A year after the pandemic’s onset, what are the experiences, perceptions, concerns and hopes of people living in California’s capital region?
The latest COVID-19 Resilience Poll released on Monday offers insight and clarity on a variety of issues related to living in this time of the coronavirus, from jobs and schools to racial and class inequities and paths forward.
A project of Valley Vision and CapRadio, in partnership with the Institute for Social Research at Sacramento State, the latest poll is the third in a series that began in May 2020.
“We were really excited to be able to kind of jump into action a little over a year ago,” said Valley Vision CEO Evan Schmidt. “We had this really great tool that we could use to understand what those experiences are and track them over the year. And so that has been the COVID-19 Resilience poll.”
The survey, sent out three times over the course of the year, reaches up to 2,000 people each time across a six county capital area region. Respondents are demographically representative of the region as a whole.
The latest polls findings reaffirm what we’ve seen in previous surveys. Low-income workers and residents of color have been impacted more severely during the pandemic. Young people are more concerned about employability. There continues to be disproportionate access to mental health among Black and Latino residents.
There are also new challenges, including nearly 40 percent of respondents indicating they would probably not or definitely not get a COVID-19 vaccination when available.
CapRadio’s Insight host Vicki Gonzalez spoke to Valley Vision’s Evan Schmidt about the latest survey and the year-long project.
What were the key themes that you saw throughout the year?
Now, well, first of all, I'll just note that through the course of doing the survey work, we got back really bleak data, to be quite honest. We saw a lot of hardship throughout the region as we were doing the surveying ...
We saw a lot of income loss in our latest survey. We saw that 41% have experienced some level of income loss. So that's been a significant impact.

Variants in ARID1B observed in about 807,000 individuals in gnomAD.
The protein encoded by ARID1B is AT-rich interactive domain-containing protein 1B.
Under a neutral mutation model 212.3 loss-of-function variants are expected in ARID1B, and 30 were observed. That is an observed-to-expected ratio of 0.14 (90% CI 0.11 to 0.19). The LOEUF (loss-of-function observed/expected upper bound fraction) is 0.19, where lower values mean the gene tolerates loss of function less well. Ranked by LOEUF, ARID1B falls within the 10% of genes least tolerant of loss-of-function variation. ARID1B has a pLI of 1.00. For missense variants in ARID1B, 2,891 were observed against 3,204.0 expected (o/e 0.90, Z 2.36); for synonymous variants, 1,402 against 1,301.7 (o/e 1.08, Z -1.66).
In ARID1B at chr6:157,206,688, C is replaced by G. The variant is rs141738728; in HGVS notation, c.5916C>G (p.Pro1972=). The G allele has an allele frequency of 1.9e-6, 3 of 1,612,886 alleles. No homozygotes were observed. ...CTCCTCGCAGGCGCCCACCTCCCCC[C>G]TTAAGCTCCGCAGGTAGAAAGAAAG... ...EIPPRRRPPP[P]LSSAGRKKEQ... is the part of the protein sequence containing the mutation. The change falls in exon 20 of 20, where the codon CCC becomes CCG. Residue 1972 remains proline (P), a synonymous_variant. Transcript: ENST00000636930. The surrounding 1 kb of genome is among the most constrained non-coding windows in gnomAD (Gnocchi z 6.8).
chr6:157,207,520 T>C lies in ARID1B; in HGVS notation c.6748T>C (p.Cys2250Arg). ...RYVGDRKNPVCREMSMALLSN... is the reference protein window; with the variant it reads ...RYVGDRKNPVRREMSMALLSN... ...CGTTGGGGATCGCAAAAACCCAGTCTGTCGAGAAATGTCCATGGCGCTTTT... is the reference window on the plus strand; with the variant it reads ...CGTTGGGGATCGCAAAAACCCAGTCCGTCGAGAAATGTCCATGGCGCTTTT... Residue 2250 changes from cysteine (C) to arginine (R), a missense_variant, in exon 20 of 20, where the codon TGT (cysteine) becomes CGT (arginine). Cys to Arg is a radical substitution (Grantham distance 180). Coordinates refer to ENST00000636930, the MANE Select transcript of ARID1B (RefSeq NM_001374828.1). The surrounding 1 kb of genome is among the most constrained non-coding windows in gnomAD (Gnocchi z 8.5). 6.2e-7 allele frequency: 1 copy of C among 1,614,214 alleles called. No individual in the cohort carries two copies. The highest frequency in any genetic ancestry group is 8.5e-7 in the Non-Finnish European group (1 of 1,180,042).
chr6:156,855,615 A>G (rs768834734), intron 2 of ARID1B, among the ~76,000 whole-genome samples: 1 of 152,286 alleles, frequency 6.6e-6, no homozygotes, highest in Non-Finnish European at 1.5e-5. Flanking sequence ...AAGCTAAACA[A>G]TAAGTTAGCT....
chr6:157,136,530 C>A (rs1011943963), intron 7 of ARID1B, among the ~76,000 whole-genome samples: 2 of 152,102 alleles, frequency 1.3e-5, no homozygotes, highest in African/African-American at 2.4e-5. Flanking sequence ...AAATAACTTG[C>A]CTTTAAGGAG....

And then, when we look at those people who have experienced income loss, we see a lot of hardship and being able to afford basic necessities. ...
We saw a lot of disparities of impact. So when we look at it kind of across our different subpopulations, different people were impacted in different ways. People of color often had the most intense impact. …
And we also saw disparities of impact in younger people. Our younger age demographics were impacted more intensely and often our lowest wage earners also felt the impacts more intensely. We saw a lot of mental health and mental and emotional health impacts that included an increased level of stress and anxiety, increased levels of depression and hopelessness.
We also asked questions about concerns about substance use, concerns about violence in the home, and concerns about the well-being of children in the home. And we saw really high levels across all of those measures, much, much more so than what you would see in a typical year. And again, we saw disparities across populations. So for people of color in particular, these measures were higher.
A lot of changes to the workplace. As we all know, a lot of people went to remote work. Of course, there was a spike in that. But then when we asked questions about what do you want to do coming back from the pandemic, a lot of people would like to stay remote. So I think it's going to be interesting to see what starts to happen as we go back to normal and workplaces stay more remote.